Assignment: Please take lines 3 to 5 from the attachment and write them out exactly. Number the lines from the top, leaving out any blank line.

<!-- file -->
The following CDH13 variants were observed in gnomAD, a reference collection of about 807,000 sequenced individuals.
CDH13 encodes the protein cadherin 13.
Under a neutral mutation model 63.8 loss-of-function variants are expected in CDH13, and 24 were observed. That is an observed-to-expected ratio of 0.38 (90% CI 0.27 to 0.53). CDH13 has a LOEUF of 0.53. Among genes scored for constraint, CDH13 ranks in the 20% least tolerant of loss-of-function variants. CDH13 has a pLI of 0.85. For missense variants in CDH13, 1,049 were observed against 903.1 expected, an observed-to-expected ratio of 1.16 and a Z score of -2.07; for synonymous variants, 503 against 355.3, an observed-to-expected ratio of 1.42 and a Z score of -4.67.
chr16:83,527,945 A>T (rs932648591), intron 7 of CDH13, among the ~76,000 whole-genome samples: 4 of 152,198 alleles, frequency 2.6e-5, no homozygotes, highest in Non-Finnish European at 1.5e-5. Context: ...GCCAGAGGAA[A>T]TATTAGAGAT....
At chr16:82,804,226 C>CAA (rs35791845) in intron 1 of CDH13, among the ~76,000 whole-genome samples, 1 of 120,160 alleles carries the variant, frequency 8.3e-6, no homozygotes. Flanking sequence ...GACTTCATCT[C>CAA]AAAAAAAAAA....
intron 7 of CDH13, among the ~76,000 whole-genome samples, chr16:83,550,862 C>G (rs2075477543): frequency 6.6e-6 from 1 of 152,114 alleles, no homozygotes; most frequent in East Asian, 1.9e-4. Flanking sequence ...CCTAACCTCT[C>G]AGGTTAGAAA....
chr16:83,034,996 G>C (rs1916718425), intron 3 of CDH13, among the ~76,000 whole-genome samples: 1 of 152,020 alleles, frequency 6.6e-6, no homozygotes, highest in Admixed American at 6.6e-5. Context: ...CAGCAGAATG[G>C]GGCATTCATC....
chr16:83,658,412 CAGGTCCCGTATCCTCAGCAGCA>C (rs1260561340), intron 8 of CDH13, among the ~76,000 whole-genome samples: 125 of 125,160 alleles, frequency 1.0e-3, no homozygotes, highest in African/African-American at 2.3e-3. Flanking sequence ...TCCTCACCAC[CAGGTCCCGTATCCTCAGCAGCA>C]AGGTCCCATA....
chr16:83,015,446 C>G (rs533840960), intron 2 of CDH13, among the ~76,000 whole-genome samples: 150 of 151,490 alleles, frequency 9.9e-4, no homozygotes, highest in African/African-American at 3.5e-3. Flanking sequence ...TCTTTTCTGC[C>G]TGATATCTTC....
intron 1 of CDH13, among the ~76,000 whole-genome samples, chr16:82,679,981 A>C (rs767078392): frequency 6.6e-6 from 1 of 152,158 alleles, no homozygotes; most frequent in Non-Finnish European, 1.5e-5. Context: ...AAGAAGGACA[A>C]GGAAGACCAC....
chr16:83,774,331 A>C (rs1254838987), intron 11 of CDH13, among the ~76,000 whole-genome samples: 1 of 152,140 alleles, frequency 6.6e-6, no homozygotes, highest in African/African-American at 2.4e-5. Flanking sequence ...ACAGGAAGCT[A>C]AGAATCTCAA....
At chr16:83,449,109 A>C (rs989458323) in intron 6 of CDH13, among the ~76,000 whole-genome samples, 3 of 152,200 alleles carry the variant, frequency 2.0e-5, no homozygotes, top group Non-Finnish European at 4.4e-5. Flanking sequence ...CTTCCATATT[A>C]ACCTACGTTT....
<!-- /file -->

Under a neutral mutation model 63.8 loss-of-function variants are expected in CDH13, and 24 were observed. That is an observed-to-expected ratio of 0.38 (90% CI 0.27 to 0.53). CDH13 has a LOEUF of 0.53. Among genes scored for constraint, CDH13 ranks in the 20% least tolerant of loss-of-function variants. CDH13 has a pLI of 0.85. For missense variants in CDH13, 1,049 were observed against 903.1 expected, an observed-to-expected ratio of 1.16 and a Z score of -2.07; for synonymous variants, 503 against 355.3, an observed-to-expected ratio of 1.42 and a Z score of -4.67.
chr16:83,527,945 A>T (rs932648591), intron 7 of CDH13, among the ~76,000 whole-genome samples: 4 of 152,198 alleles, frequency 2.6e-5, no homozygotes, highest in Non-Finnish European at 1.5e-5. Context: ...GCCAGAGGAA[A>T]TATTAGAGAT....
At chr16:82,804,226 C>CAA (rs35791845) in intron 1 of CDH13, among the ~76,000 whole-genome samples, 1 of 120,160 alleles carries the variant, frequency 8.3e-6, no homozygotes. Flanking sequence ...GACTTCATCT[C>CAA]AAAAAAAAAA....